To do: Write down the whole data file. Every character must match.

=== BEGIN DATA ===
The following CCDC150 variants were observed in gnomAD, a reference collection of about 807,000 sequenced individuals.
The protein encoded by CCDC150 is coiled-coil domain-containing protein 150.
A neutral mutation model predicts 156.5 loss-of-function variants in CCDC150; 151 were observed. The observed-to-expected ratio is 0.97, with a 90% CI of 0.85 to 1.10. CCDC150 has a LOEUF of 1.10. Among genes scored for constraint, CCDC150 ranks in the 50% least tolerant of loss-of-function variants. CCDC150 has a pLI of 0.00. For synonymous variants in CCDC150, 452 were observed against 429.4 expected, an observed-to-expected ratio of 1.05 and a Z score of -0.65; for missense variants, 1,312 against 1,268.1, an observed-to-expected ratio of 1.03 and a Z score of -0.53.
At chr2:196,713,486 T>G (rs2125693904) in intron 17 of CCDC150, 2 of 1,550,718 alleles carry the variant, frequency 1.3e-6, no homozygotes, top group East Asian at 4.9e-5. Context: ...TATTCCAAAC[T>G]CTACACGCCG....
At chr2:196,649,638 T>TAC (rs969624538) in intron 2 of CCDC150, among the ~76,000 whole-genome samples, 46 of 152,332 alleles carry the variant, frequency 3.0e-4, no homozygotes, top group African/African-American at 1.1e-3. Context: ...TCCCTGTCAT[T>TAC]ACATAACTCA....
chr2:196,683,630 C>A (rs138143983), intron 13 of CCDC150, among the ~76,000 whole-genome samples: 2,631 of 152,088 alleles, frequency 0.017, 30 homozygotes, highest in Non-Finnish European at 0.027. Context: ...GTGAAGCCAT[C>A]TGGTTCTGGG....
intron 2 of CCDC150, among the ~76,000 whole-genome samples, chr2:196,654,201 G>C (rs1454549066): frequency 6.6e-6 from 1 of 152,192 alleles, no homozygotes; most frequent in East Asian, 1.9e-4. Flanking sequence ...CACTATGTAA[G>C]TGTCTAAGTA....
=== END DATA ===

The following CCDC150 variants were observed in gnomAD, a reference collection of about 807,000 sequenced individuals.
The protein encoded by CCDC150 is coiled-coil domain-containing protein 150.
A neutral mutation model predicts 156.5 loss-of-function variants in CCDC150; 151 were observed. The observed-to-expected ratio is 0.97, with a 90% CI of 0.85 to 1.10. CCDC150 has a LOEUF of 1.10. Among genes scored for constraint, CCDC150 ranks in the 50% least tolerant of loss-of-function variants. CCDC150 has a pLI of 0.00. For synonymous variants in CCDC150, 452 were observed against 429.4 expected, an observed-to-expected ratio of 1.05 and a Z score of -0.65; for missense variants, 1,312 against 1,268.1, an observed-to-expected ratio of 1.03 and a Z score of -0.53.
At chr2:196,713,486 T>G (rs2125693904) in intron 17 of CCDC150, 2 of 1,550,718 alleles carry the variant, frequency 1.3e-6, no homozygotes, top group East Asian at 4.9e-5. Context: ...TATTCCAAAC[T>G]CTACACGCCG....
At chr2:196,649,638 T>TAC (rs969624538) in intron 2 of CCDC150, among the ~76,000 whole-genome samples, 46 of 152,332 alleles carry the variant, frequency 3.0e-4, no homozygotes, top group African/African-American at 1.1e-3. Context: ...TCCCTGTCAT[T>TAC]ACATAACTCA....
chr2:196,683,630 C>A (rs138143983), intron 13 of CCDC150, among the ~76,000 whole-genome samples: 2,631 of 152,088 alleles, frequency 0.017, 30 homozygotes, highest in Non-Finnish European at 0.027. Context: ...GTGAAGCCAT[C>A]TGGTTCTGGG....
intron 2 of CCDC150, among the ~76,000 whole-genome samples, chr2:196,654,201 G>C (rs1454549066): frequency 6.6e-6 from 1 of 152,192 alleles, no homozygotes; most frequent in East Asian, 1.9e-4. Flanking sequence ...CACTATGTAA[G>C]TGTCTAAGTA....